(1) It is hardly fair to compare the poems in this hostile way: Boileau's was a mere badinage, complaining of, or laughing at, the personal dangers and inconveniences of Paris. Johnson's object was to satirise the moral depravity of a great city. CROKER.

(2) [John Oldham, whose Satires against the Jesuits gained him the appellation of " the English Juvenal," was born in 1653, and died in 1683, in his thirtieth year. At one period of his life he was a perfect votary of the bottle. In a letter (now in the Bodleian Library) written by him to one of his companions, after he had retired from London, he says, "Thou knowest, Jack, there was never a more unconcerned coxcomb than myself once; but experience and thinking have made me quit that humour. I think virtue and sobriety (how much soever the men of wit may turn 'em into ridicule) the only measures to be happy, and believe the feast of a good conscience the best treat that can make a true epicure. I find I retain all the briskness, acriness, and gaiety I had, but purged from the dross and lees of debauchery; and am as merry as ever, though not so mad."]


"No calling or profession comes amiss,
A needy monsieur can be what he please.”

"All sciences a fasting monsieur knows."



The particulars which Oldham has collected, both as exhibiting the horrors of London, and of the times, contrasted with better days, are different from those of Johnson, and in general well chosen, and well expressed. (1)

There are in Oldham's imitation, many prosaic verses and bad rhymes, and his poem sets out with a strange inadvertent blunder:

"Though much concern'd to leave my old dear friend, I must, however, his design commend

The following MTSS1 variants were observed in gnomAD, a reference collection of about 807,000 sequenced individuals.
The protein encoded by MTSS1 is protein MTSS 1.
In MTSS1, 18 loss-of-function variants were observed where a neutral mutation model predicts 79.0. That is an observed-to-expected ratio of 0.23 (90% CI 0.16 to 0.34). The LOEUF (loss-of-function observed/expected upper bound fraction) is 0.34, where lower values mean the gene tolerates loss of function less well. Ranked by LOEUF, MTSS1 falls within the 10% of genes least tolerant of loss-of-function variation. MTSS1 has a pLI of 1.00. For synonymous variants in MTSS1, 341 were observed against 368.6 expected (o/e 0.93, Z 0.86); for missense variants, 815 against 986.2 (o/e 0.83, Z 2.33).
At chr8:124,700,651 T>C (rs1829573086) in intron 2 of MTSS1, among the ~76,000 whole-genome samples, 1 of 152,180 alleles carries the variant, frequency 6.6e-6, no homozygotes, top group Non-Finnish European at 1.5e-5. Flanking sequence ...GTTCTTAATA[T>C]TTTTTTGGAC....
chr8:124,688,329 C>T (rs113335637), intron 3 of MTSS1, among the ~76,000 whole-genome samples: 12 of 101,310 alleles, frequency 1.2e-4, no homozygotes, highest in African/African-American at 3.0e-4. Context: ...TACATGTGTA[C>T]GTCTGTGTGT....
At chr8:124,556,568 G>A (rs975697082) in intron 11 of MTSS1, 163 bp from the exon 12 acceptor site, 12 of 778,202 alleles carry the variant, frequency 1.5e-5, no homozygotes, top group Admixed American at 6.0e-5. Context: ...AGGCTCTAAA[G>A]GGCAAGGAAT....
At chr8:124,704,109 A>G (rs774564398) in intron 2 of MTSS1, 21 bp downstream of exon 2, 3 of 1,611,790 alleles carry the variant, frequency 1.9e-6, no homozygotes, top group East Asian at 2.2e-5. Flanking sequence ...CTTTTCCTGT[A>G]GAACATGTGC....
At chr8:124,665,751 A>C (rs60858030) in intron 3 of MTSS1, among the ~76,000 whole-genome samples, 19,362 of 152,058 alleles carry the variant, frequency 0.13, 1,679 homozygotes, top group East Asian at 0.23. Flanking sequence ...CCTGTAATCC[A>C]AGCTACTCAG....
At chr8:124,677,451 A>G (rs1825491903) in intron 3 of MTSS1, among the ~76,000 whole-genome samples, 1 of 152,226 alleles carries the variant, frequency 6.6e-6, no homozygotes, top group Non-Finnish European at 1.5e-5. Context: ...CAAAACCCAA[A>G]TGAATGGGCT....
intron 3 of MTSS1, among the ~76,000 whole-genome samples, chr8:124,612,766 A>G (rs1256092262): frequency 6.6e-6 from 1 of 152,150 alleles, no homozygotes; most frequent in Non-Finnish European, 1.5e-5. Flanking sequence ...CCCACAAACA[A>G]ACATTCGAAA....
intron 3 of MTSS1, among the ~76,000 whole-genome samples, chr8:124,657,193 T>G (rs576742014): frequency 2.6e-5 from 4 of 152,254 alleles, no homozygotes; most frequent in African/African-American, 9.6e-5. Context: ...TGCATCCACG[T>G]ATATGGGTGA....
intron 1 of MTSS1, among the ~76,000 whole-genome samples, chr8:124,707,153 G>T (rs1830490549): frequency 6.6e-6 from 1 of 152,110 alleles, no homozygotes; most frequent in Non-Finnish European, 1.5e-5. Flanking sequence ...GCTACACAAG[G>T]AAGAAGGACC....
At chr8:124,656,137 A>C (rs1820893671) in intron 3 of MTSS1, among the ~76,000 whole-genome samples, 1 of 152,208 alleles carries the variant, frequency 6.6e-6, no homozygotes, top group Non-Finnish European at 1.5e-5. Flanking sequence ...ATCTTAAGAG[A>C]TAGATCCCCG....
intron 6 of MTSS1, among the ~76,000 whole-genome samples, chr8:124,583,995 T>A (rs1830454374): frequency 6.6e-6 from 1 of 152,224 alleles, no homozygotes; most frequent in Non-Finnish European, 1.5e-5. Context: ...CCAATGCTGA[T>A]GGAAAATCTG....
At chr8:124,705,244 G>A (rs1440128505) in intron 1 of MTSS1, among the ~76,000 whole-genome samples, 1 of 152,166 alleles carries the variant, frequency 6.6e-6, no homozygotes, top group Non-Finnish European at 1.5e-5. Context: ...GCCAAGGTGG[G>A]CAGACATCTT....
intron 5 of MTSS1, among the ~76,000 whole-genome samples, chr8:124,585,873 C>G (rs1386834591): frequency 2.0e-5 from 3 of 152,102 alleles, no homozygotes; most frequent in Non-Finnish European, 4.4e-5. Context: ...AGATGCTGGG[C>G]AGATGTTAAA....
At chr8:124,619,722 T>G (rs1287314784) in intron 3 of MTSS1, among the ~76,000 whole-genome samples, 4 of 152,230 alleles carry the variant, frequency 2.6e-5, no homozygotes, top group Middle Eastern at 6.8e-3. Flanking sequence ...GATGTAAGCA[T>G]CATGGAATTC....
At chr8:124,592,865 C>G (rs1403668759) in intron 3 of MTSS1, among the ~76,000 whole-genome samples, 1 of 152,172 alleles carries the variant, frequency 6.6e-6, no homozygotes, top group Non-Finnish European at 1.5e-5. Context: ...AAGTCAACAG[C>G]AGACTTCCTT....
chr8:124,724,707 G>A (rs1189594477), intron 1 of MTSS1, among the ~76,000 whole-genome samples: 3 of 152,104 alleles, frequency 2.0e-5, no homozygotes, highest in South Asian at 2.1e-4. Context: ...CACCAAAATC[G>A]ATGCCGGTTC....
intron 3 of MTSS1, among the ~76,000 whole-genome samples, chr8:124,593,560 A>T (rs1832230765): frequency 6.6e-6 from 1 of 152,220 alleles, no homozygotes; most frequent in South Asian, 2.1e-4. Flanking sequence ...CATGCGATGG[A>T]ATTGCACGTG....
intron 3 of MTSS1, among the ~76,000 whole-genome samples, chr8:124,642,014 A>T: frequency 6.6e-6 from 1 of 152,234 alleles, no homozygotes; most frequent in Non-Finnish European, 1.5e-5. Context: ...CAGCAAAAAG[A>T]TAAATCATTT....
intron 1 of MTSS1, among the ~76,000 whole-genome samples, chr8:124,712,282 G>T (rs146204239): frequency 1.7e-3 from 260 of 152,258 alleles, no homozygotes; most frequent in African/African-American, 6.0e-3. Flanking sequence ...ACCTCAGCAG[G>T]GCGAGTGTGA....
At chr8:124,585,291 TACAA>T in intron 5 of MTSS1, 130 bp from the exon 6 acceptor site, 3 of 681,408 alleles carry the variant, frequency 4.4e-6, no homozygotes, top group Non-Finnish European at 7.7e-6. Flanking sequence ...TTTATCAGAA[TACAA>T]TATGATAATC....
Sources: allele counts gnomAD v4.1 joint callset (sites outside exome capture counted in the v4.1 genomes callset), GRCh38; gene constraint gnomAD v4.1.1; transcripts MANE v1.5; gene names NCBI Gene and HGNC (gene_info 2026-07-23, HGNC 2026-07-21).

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Of fixing in the country."

It is plain he was not going to leave his friend; his friend was going to leave him. A young lady at once corrected this with good critical sagacity, to

"Though much concern'd to lose my old dear friend." There is one passage in the original better transfused by Oldham than by Johnson:

"Nil habet infelix paupertas durius in se,
Quàm quod ridiculos homines facit."

(1) I own it pleased me to find amongst them one trait of the manners of the age in London, in the last century, to shield from the sneer of English ridicule, what was, some time ago, too common a practice in my native city of Edinburgh!

"If what I've said can't from the town affright,

Consider other dangers of the night;

When brickbats are from upper stories thrown,
And emptied chamberpots come pouring down
From garret windows."

which is an exquisite remark on the galling meanness and contempt annexed to poverty. Johnson's imitation is,

"Of all the griefs that harass the distrest, Sure the most bitter is a scornful jest." Oldham's, though less elegant, is more just, "Nothing in poverty so ill is borne,

As its exposing men to grinning scorn.”(')

Where or in what manner this poem was composed, I am sorry that I neglected to ascertain with precision from Johnson's own authority. He has marked upon his corrected copy of the first edition of it, "Written in 1738;" and, as it was published in the month of May in that year, it is evident that much time was not employed in preparing it for the press. The history of its publication I am enabled to give in a very satisfactory manner; and judging from myself, and many of my friends, I trust that it will not be uninteresting to my readers.

We may be certain, though it is not expressly named in the following letters to Mr. Cave, in 1738, that they all relate to it:

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"Castle Street, Wednesday Morning. [March, 1738.]


- When I took the liberty of writing to you a few days ago, I did not expect a repetition of this same

(1) ["O Poverty, thy thousand ills combined

Sink not so deep into the generous mind
As the contempt and laughter of mankind!"
GIFFORD'S Juvenal.]